When the piling up of plates and separators has been made in the dry state, this pile is introduced in a tightly fitting casing Gas by slight forcing and it is impregnated, preferably under vacuum, with electrolyte, e.g. a potassium hydroxide solution at 28 B. (d.=1.35), so that the cellulosic parts of the separators swell and the outer sides of the said separators closely engage the faces of the opposite plates.
The cell is then electrically formed in the usual way.
The curves of FIGURES 2 and 3 illustrate the unusual and surprising functioning of such a cell compared with the functioning of already-known cells, while in operation.
The diagram of FIGURE 2 shows the charging voltage of an alkaline cell as plotted against its charged state represented by the number of amperes-hours of charge already received.
Let us consider three alkaline cells I, II and III having the same theoretical capacity C and realized, the first I according to the conventional technique, i.e. with a space between the plates of about 1 mm. thick and separators made of a porous insulating material not in contact with the plates, the second II according to the technique specified in the Jeannin US. Patent 2,646,455 (French Patent No. 1,029,709) or in the US. application Ser. No. 653,314 to Jacquier (French patent application filed on May 5, 1956), i.e. a cell without apparent gaseous evolution, and lastly the third 111 according to the present invention.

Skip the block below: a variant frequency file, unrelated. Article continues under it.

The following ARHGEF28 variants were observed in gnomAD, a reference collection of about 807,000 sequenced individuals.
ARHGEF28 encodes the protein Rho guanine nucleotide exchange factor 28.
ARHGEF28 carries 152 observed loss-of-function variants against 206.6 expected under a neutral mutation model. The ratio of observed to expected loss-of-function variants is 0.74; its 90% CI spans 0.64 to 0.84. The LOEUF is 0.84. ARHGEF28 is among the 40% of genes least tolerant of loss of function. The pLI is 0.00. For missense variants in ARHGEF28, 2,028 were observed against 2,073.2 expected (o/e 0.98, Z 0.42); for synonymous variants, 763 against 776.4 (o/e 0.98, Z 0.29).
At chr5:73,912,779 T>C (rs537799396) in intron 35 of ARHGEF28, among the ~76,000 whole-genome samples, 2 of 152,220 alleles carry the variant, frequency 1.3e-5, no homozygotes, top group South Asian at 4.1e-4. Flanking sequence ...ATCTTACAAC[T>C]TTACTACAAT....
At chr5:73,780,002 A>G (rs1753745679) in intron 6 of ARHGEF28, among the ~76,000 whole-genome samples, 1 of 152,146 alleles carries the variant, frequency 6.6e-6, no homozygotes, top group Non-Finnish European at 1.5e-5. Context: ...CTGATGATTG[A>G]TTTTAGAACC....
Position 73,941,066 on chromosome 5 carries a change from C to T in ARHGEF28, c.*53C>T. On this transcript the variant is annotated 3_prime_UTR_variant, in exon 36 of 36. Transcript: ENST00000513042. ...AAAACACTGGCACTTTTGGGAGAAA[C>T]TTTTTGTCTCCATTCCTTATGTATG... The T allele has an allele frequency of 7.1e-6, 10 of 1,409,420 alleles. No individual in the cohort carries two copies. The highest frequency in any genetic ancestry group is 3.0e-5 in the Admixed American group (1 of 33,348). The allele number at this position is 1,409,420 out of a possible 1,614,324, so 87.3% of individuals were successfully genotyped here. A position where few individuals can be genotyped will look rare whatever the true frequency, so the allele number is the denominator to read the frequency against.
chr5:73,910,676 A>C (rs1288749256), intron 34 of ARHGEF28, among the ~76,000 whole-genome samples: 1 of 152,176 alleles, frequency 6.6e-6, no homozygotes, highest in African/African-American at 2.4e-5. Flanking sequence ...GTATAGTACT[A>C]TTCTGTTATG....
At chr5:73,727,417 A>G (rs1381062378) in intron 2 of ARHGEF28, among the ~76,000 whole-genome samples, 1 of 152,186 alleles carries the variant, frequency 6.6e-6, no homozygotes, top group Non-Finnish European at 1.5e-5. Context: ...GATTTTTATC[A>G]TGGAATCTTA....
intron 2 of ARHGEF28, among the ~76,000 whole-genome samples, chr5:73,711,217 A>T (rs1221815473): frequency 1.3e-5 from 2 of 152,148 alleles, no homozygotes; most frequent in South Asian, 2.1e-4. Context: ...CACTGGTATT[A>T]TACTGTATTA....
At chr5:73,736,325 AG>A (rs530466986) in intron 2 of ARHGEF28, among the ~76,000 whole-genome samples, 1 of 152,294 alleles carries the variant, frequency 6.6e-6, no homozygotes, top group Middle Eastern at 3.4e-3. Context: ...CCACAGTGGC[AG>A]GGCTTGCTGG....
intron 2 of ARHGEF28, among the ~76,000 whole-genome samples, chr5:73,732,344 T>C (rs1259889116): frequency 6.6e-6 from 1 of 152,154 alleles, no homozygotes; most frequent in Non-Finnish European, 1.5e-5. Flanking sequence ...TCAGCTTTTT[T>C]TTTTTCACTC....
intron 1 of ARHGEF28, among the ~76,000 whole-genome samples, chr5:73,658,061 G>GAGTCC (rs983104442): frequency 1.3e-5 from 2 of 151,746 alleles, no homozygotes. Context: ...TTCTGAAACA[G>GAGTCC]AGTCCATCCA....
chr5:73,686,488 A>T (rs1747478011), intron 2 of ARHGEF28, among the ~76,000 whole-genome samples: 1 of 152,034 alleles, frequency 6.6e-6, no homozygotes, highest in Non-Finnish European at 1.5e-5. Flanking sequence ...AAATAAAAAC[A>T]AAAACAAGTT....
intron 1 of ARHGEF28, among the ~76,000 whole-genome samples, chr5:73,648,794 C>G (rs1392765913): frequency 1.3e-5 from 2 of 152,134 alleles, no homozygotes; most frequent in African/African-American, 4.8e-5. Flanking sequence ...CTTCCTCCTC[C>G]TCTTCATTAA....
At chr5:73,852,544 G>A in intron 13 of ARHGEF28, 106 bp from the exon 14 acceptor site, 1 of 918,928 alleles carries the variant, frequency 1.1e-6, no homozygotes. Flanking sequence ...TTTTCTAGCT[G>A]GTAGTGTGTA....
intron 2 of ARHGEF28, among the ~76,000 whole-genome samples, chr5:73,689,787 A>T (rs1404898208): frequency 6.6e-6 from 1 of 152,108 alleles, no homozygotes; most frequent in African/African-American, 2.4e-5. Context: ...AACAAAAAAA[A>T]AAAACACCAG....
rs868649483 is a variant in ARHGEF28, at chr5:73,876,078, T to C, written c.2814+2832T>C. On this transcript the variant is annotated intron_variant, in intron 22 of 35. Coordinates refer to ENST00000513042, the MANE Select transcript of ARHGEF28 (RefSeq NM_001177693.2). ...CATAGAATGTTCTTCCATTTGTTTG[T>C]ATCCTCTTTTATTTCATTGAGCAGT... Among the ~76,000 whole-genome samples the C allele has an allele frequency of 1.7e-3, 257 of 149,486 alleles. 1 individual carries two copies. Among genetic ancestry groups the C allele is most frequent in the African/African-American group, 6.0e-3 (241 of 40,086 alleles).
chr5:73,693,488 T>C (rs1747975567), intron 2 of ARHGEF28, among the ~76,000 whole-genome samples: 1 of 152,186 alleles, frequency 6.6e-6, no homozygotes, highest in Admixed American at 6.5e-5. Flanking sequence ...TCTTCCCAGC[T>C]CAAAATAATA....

The first or conventional alkaline cell operates according to the curve Ia, that is to say that its terminal voltage increases rather regularly from the beginning of the charging cycle until about the end, growing from 1.10 v. to 1.60 v. then, in the overcharged state, i.e. beyond the rated capacity C, the voltage increases more quickly until about 1.75 v. or 1.80 v. The curve, therefore, does not show the sharp knee which characterizes, for instance, the end of the charge in lead-acid cells and which is used for the regulation of the charge of the said lead-acid cells. Moreover, at about the first third of the charge, the voltage is more than 1.5 v. and a gaseous evolution appears, which evolution uselessly consumes electrolyte.
In the case of cells without gaseous evolution such as Ieannin and Jacquier cells (curve Ila), the curve rises very little; it always remains decidedly under 1.5 v. (about 1.42 volt), but before reaching the rated capacity (about or of the latter), this curve not only does not rise but tends to fall (more or less, according to the charging rate), since on the one hand no gas polarizes the electrodes and, on the other hand, the heating of the electrolyte lowers the internal resistance due to the said electrolyte.